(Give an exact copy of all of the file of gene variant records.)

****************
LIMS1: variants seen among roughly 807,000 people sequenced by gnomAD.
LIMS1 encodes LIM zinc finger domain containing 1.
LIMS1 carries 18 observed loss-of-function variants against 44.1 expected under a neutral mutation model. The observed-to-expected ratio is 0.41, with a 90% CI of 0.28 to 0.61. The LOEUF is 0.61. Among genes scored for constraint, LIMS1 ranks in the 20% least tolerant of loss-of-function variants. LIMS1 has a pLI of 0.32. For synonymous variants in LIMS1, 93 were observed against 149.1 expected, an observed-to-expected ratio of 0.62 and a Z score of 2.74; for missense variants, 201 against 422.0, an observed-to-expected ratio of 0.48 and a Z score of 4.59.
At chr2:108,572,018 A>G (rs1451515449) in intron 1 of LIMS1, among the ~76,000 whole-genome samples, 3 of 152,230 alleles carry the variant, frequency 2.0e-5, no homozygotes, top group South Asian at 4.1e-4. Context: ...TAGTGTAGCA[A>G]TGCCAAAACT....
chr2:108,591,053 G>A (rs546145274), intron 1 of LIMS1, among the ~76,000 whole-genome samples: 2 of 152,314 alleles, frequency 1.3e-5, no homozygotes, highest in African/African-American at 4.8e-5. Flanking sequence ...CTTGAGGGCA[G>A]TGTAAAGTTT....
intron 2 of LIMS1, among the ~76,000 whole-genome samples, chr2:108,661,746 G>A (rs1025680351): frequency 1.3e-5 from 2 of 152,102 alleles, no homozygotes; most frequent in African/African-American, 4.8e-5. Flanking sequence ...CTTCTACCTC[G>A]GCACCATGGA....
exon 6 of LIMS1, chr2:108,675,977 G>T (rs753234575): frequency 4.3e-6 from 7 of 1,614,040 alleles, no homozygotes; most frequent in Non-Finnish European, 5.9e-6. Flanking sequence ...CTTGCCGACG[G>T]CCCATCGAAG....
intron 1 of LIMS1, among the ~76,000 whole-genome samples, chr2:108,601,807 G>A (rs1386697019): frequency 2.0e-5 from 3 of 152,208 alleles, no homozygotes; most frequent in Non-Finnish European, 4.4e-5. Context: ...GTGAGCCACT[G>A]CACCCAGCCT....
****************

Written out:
LIMS1: variants seen among roughly 807,000 people sequenced by gnomAD.
LIMS1 encodes LIM zinc finger domain containing 1.
LIMS1 carries 18 observed loss-of-function variants against 44.1 expected under a neutral mutation model. The observed-to-expected ratio is 0.41, with a 90% CI of 0.28 to 0.61. The LOEUF is 0.61. Among genes scored for constraint, LIMS1 ranks in the 20% least tolerant of loss-of-function variants. LIMS1 has a pLI of 0.32. For synonymous variants in LIMS1, 93 were observed against 149.1 expected, an observed-to-expected ratio of 0.62 and a Z score of 2.74; for missense variants, 201 against 422.0, an observed-to-expected ratio of 0.48 and a Z score of 4.59.
At chr2:108,572,018 A>G (rs1451515449) in intron 1 of LIMS1, among the ~76,000 whole-genome samples, 3 of 152,230 alleles carry the variant, frequency 2.0e-5, no homozygotes, top group South Asian at 4.1e-4. Context: ...TAGTGTAGCA[A>G]TGCCAAAACT....
chr2:108,591,053 G>A (rs546145274), intron 1 of LIMS1, among the ~76,000 whole-genome samples: 2 of 152,314 alleles, frequency 1.3e-5, no homozygotes, highest in African/African-American at 4.8e-5. Flanking sequence ...CTTGAGGGCA[G>A]TGTAAAGTTT....
intron 2 of LIMS1, among the ~76,000 whole-genome samples, chr2:108,661,746 G>A (rs1025680351): frequency 1.3e-5 from 2 of 152,102 alleles, no homozygotes; most frequent in African/African-American, 4.8e-5. Flanking sequence ...CTTCTACCTC[G>A]GCACCATGGA....
exon 6 of LIMS1, chr2:108,675,977 G>T (rs753234575): frequency 4.3e-6 from 7 of 1,614,040 alleles, no homozygotes; most frequent in Non-Finnish European, 5.9e-6. Flanking sequence ...CTTGCCGACG[G>T]CCCATCGAAG....
intron 1 of LIMS1, among the ~76,000 whole-genome samples, chr2:108,601,807 G>A (rs1386697019): frequency 2.0e-5 from 3 of 152,208 alleles, no homozygotes; most frequent in Non-Finnish European, 4.4e-5. Context: ...GTGAGCCACT[G>A]CACCCAGCCT....